Wondrous Uses of Silver in Ceremonies and Festivals
Silver is an extraordinary precious metal that has been used in many ceremonies and festivals across religious and cultural groups. Not only is it symbolically valuable but it has a great many other benefits too.
Sterling silver gifts are a great way to stay environmentally friendly as they’re used in low in carbon emission technology, and are sustainable and ethical as they don’t go to waste (Lee, 2009). According to Eco925 (n.d.), their silver products are even made of 99% recycled silver scraps and materials, so silver can be constantly reused. The best part about recycled silver is that it never loses its quality or purity, it can simply be melted down and made into another stunning silver piece (Hodkinson, 2020).
It’s also a great utensil to feed your child with as it's anti-bacterial! Silver extracts have also been used to improve brain power and have many other medicinal properties too.
We’ll discuss silver used in a baby shower, Christening, crossing a baby’s palm, wedding, 25th wedding anniversary, Christmas, Hanukkah, and Diwali. Let’s dive straight into the various cultural festivals and ceremonies that silver is used in, starting off with the baby shower.
Silver gifts have often been regarded as a sign of wealth and investment especially as it was a currency many years ago. Inman (n.d.) explains that sterling silver gifts were presented during a baby shower as a symbol of investment in the baby’s future. In some cases, the gifts would be intended to be used once the child reaches adulthood, such as napkin rings, hallmarked silverware, and knives.
Even today many babies receive stunning sterling silver gifts such as rattles, baby bottles, bracelets, and diaper pins. According to the Times of India (2020) eating from a silver spoon or plate has the ability to boost your metabolism. It also has purifying properties as it fights off bacteria in water and food.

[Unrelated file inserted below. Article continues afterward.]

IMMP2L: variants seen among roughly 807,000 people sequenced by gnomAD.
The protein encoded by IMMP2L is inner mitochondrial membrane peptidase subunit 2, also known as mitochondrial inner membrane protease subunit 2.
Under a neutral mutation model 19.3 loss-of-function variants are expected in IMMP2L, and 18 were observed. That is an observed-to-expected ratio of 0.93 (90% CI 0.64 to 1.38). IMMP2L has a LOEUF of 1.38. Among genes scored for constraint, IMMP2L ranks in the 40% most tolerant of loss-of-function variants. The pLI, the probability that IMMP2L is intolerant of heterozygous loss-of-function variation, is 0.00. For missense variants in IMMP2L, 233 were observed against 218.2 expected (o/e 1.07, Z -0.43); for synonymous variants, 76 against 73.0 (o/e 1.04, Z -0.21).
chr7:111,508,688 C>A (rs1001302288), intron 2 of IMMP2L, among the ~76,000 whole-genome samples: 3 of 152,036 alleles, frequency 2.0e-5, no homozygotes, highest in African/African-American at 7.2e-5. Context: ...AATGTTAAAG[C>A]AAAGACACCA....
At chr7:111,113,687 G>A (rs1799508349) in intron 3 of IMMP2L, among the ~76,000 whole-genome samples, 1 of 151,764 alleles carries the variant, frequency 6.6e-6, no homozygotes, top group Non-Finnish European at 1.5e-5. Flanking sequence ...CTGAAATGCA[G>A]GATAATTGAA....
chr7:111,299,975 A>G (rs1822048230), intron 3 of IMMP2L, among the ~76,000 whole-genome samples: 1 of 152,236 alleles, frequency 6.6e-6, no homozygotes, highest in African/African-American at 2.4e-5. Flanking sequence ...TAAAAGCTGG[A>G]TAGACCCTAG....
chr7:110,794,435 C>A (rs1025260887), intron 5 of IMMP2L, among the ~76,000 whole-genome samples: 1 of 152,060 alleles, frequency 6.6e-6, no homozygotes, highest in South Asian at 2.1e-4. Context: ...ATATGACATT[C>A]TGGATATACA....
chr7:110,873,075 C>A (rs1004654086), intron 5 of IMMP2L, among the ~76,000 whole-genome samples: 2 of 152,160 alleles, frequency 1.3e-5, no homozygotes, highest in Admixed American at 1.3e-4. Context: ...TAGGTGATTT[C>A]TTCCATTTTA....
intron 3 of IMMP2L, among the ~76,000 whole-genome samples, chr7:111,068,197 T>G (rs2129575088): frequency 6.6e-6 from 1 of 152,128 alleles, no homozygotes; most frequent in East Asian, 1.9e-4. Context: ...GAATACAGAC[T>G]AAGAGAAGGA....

Not only is anti-bacterial but silver can signal whether you have come into contact with toxic metals. It reacts and leaves a certain colour on our skin when it comes into contact with any heavy metals. Silver rings can also alert us to toxic substances, for example if the skin near the ring turns blue it may mean that your sodium levels are rising. This will serve as a quick warning to cut all the salty foods (Taylor, 2021).
Whittingham (2021) states that sterling silver Christening gifts are traditionally given to a baby on their Christening by the godparents. This tradition dates back all the to the 4th Century where Christians were fearful of persecution by non-Christians. The parents of the baby would then ask each of their dearest friends and family to “sponsor” their child. A gift would then be given by the “sponsors”, who were known as patrinus meaning godfather.
Silver was given as a Christening gift during the Tudor times as silver was the currency then, therefore, the gift of silver was seen as a good investment on behalf of the child and symbolised independence. (Babame, n.d.).